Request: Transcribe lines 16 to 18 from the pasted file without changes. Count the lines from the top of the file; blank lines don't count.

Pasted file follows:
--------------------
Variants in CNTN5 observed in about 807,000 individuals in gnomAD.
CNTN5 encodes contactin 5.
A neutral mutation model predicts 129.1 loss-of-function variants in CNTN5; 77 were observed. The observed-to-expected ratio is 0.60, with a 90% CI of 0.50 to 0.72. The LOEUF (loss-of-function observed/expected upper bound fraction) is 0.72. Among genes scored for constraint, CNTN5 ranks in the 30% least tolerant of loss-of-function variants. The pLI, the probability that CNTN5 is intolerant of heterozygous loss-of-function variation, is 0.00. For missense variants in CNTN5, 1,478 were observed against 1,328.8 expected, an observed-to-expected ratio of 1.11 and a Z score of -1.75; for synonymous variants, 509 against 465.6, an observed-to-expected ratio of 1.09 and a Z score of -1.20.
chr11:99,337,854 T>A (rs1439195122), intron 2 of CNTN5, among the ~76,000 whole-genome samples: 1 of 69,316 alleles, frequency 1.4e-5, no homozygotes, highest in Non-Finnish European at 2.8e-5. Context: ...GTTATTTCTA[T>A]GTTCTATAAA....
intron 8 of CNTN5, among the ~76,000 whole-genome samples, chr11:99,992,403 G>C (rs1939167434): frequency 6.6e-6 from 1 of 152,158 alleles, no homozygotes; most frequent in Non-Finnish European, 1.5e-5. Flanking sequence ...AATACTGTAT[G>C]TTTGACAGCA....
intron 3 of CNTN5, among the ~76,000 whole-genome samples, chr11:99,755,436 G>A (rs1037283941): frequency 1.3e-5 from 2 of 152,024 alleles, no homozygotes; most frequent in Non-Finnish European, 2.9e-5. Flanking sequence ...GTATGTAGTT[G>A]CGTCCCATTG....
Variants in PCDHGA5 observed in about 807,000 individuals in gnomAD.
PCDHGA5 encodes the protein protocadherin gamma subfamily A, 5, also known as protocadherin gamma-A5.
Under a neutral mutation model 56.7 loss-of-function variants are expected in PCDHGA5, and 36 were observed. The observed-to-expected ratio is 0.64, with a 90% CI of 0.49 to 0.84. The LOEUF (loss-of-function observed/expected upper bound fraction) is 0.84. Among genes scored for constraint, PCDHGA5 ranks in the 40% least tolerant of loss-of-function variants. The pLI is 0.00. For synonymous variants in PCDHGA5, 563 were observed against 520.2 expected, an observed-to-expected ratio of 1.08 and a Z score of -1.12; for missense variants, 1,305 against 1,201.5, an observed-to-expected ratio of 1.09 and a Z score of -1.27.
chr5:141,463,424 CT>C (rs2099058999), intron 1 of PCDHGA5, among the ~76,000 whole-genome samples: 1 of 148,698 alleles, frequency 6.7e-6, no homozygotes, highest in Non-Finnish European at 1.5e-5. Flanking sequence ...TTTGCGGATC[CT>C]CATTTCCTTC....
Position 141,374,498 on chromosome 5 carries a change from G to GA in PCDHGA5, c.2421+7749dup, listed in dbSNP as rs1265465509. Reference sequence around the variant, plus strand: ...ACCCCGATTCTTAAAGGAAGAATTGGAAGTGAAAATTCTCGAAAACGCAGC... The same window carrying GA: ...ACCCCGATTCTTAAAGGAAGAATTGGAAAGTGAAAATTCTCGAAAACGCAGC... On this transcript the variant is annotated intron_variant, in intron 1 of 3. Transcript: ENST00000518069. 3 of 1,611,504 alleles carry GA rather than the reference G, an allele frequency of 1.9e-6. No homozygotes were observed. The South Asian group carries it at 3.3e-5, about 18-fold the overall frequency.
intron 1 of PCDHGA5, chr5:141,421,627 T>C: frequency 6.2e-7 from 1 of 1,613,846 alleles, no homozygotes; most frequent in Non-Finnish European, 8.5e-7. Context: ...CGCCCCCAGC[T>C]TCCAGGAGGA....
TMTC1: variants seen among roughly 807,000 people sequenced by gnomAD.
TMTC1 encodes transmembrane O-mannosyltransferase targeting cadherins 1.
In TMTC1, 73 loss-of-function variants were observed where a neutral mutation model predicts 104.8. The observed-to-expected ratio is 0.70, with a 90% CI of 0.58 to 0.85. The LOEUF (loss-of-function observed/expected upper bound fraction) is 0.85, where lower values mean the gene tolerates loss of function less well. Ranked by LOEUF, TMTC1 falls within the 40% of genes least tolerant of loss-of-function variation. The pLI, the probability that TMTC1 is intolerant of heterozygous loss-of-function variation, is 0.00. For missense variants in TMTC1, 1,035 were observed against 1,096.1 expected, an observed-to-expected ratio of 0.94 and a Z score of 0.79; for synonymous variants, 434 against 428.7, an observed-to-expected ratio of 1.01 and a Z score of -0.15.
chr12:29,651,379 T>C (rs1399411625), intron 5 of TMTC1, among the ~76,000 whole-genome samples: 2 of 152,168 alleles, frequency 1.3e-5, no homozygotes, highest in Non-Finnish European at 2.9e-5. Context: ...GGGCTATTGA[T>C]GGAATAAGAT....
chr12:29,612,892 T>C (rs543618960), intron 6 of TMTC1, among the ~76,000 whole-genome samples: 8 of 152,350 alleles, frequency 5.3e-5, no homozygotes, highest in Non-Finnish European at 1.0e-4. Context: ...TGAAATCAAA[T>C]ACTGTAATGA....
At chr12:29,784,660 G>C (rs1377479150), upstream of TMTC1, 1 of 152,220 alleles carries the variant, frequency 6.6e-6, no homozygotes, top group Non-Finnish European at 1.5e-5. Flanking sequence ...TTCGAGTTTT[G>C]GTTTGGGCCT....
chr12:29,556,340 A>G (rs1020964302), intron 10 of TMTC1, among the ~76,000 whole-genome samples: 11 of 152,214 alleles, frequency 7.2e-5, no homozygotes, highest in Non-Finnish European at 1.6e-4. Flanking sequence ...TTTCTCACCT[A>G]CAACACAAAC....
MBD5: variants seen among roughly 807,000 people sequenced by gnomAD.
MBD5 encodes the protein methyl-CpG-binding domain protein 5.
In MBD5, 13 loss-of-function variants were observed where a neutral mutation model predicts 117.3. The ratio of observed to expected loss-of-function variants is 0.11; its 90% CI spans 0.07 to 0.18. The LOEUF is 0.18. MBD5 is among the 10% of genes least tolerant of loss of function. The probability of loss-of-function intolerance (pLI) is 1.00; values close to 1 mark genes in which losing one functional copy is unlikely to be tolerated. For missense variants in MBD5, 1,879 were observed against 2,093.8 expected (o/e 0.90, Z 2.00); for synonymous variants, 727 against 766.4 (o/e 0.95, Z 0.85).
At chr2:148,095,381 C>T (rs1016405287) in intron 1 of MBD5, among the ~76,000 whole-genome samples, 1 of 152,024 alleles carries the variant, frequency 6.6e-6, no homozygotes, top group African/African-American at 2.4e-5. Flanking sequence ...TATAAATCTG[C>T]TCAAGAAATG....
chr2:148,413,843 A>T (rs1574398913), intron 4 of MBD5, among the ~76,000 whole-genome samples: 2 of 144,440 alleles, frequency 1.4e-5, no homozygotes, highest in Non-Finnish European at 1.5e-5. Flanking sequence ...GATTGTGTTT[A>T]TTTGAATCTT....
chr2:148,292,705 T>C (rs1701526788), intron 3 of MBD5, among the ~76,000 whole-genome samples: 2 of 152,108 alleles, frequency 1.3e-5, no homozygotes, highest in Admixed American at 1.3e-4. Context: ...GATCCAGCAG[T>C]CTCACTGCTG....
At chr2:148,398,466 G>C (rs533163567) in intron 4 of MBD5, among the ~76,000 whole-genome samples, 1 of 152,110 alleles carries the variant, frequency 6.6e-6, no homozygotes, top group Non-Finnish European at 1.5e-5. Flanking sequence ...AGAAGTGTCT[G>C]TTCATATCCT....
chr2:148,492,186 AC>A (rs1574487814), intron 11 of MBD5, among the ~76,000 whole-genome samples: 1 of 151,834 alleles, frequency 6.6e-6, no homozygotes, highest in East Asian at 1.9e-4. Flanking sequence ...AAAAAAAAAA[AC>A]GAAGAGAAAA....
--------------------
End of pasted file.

chr12:29,651,379 T>C (rs1399411625), intron 5 of TMTC1, among the ~76,000 whole-genome samples: 2 of 152,168 alleles, frequency 1.3e-5, no homozygotes, highest in Non-Finnish European at 2.9e-5. Context: ...GGGCTATTGA[T>C]GGAATAAGAT....
chr12:29,612,892 T>C (rs543618960), intron 6 of TMTC1, among the ~76,000 whole-genome samples: 8 of 152,350 alleles, frequency 5.3e-5, no homozygotes, highest in Non-Finnish European at 1.0e-4. Context: ...TGAAATCAAA[T>C]ACTGTAATGA....
At chr12:29,784,660 G>C (rs1377479150), upstream of TMTC1, 1 of 152,220 alleles carries the variant, frequency 6.6e-6, no homozygotes, top group Non-Finnish European at 1.5e-5. Flanking sequence ...TTCGAGTTTT[G>C]GTTTGGGCCT....